Since the RAG proteins are not expressed in mature lymphocytes, the steps required for isolation of immature lymphocytes from patients should be preceded by the appropriate method. For this reason, it was difficult to study the pathogenesis of the RAG variants in vivo23. Therefore, the development of mouse models mimicking human immunodeficiency (SCID and OS) allowed us to investigate the pathogenesis of immunological disorders. Although our data suggested that an identical mutation in RAG2 can give rise to distinct phenotypic patterns with heterogeneous clinical manifestations, there is little debate about the importance of mouse models. In parallel, hypomorphic RAG mutations were recently identified in patients with combined immunodeficiency associated with granulomas and/or autoimmunity (CID-G/AI)32. However, the lack of appropriate mouse models recapitulating the CID–G/AI is a stumbling block to characterize the pathophysiology of this phenotype23. Overall, our data propose that generating mouse models for heterogeneous conditions should consider the pathogenic mutations and mouse strains with the complexity of factors affecting the in vivo phenotypes.

Materials and Methods

Preparation of CRISPR/Cas9 mRNA and sgRNAs

Cas9 mRNA was synthesized as described previously33 with slight modifications. In brief, we used the mMESSAGE mMACHINE T7 Ultra kit (ThermoFisher Scientific, #AM1345) to synthesize Cas9 mRNA. The resulting products were diluted into diethyl pyrocarbonate (Sigma Aldrich, #D5758)-treated injection buffer (0.25 mM EDTA pH 8.0 and 10 mM Tris pH 7.4). The sgRNAs targeting exon3 of Rag2 were obtained from ToolGen, Inc. (Seoul, Republic of Korea). To avoid potential risk of off-target effects, each sgRNA was designed to recognize a specific target sequence that does not share homology with any sequence of mouse genome. After screening the sgRNA cleavage efficiency in vitro, two sgRNAs were selected for zygote injection. The sequences of Rag2 sgRNAs used in injection are listed as follows: sgRNA #1 (5′- GTTAGCAGGGCGTATATTACTGG-3′) and sgRNA #2 (5′-CTTATTCTATACAAGTTAGCAGG-3′).

Preparation of the donor template

The ssODN donor template was designed to contain 173 nucleotides with homology arms, a R229Q mutation at Rag2 gene, and blocking silent mutations to prevent re-cutting by Cas9 to aid PCR-based genotype analysis. Polyacrylamide gel electrophoresis (PAGE)-purified ssODN, oriented in the antisense direction, was synthesized from Integrated DNA Technologies (IDT, USA) and dissolved in the injection buffer (0.25 mM EDTA pH 8.0 and 10 mM Tris pH 7.4). The sequence of the ssODN was as follows: 5′-CACTGGAGACAGAGATTCCTCCTGGCAAGACTGTGCAATTCACTGCTGGGGTACCCAGGGGAAGGTCCACGCGAATGCGGTAAAGATTTGCTGGCTGGATGTTACTGGCAAGTGAGTGTCCTCCCAAAATATAAACGGTATCGTTTCTGGCAATAGAAACATGAAAAGACAGC-3′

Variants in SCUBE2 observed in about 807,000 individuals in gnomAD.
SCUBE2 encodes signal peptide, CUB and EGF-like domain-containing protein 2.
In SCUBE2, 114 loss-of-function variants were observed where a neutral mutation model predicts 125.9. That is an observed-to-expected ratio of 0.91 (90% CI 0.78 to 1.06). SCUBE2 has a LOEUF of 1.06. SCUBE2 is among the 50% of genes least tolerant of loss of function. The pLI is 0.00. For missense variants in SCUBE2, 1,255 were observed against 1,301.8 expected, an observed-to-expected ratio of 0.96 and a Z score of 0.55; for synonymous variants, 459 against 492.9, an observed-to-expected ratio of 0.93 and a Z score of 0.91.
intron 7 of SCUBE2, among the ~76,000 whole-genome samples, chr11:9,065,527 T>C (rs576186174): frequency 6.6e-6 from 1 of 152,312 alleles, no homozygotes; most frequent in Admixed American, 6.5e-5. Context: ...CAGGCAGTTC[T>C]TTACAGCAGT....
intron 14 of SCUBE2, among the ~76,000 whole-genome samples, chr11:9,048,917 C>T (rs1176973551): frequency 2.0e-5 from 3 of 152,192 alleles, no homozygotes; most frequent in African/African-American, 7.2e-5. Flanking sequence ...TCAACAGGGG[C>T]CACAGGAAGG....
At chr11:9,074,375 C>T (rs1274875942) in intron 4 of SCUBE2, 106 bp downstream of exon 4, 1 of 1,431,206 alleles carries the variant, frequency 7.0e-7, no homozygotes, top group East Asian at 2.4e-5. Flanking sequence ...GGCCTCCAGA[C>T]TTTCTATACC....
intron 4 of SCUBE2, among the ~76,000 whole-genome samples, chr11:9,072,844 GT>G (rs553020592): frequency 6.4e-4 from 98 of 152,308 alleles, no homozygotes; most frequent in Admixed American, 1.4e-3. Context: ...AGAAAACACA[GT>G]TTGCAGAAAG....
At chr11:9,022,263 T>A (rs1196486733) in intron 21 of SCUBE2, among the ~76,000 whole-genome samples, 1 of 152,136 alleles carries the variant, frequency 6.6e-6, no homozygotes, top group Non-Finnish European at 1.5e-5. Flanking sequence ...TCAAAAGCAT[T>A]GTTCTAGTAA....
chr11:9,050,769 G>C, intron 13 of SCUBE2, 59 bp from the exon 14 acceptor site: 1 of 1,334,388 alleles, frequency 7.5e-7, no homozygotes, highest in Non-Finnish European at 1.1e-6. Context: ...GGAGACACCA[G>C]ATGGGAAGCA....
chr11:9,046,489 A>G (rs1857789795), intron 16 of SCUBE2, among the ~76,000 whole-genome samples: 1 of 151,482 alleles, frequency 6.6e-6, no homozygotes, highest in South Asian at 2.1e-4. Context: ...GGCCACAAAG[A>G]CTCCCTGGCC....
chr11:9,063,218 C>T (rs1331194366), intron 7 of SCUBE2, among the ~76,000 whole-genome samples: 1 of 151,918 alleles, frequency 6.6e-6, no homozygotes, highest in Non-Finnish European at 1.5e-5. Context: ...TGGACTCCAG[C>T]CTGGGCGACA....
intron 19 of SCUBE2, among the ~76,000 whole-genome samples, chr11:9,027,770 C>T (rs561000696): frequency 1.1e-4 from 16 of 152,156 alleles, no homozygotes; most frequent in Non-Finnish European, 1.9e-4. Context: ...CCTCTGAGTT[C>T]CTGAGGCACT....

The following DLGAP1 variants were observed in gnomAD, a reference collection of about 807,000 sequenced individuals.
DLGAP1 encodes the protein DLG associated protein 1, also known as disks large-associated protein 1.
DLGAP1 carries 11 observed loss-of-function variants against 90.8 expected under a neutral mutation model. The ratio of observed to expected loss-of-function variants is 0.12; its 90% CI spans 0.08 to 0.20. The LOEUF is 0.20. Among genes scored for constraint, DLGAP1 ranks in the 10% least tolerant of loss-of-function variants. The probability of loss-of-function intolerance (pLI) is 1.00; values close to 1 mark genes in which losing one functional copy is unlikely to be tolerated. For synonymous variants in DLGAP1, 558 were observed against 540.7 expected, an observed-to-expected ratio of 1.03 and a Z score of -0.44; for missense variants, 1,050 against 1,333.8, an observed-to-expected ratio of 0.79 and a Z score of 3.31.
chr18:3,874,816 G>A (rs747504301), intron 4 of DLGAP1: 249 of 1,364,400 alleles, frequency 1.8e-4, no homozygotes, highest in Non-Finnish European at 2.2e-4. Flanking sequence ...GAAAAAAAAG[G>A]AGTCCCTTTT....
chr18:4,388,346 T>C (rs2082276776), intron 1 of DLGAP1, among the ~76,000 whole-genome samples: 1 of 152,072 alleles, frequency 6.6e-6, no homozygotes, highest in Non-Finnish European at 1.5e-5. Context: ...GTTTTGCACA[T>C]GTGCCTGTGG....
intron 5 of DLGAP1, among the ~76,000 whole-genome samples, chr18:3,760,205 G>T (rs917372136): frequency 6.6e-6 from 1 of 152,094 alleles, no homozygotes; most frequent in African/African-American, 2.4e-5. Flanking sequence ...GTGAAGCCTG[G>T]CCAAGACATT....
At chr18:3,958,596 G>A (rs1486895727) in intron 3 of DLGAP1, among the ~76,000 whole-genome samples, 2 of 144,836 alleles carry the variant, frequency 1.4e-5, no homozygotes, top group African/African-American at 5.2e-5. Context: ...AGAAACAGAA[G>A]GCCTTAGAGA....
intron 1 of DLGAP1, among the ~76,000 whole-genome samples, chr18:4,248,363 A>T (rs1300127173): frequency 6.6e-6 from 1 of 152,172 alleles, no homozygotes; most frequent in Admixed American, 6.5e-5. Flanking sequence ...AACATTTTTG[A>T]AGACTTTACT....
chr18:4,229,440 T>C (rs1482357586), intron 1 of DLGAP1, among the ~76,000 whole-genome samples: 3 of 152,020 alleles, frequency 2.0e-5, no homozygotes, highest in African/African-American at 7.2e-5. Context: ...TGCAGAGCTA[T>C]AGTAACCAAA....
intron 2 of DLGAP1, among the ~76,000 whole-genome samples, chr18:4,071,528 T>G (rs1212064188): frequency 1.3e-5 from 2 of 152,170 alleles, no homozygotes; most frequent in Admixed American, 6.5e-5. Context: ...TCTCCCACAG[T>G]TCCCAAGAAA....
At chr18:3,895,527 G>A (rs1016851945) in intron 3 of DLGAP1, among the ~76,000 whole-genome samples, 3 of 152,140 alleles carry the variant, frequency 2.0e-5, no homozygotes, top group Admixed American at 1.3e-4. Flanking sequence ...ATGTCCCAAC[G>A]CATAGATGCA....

Animals and microinjection

C57BL/6JBomTac mice were purchased from Taconic Biosciences (Dae Han Biolink Co., Ltd., Chungbuk, Republic of Korea). To obtain mouse zygotes, female C57BL/6J mice (6‒8 weeks) were superovulated by intra-peritoneal injections of 5 IU pregnant mare serum gonadoptropin (Daesung Inc., Republic of Korea) and 5 IU human chorionic gonadotropin (Daesung Inc., Republic of Korea) at a 48-h interval. Mouse zygotes were collected by mating the superovulated females and wild-type C57BL/6J males. Prior to microinjection, Cas9 mRNA (20 ng/μl), two Rag2-sgRNAs (100 ng/μl in each), ssODN (200 ng/μl), and Scr7 (1 mM) were mixed in injection buffer (0.25 mM EDTA, pH 8.0 and 10 mM Tris, pH 7.4) and injected into the cytoplasm using a piezo-driven manipulator (Prime Tech). The manipulated embryos were transferred into the oviducts of foster mothers to produce mutant mice. All animal care and experiments were performed in accordance with the guidelines for Korean Food and Drug Administration (KFDA) and were approved by the Institutional Animal Care and Use Committees (IACUC) of the Laboratory Animal Research Center at Yonsei University (Permit Number: 201507-390-01). All mice were maintained in the specific pathogen–free (SPF) facility of the Yonsei Laboratory Animal Research Center.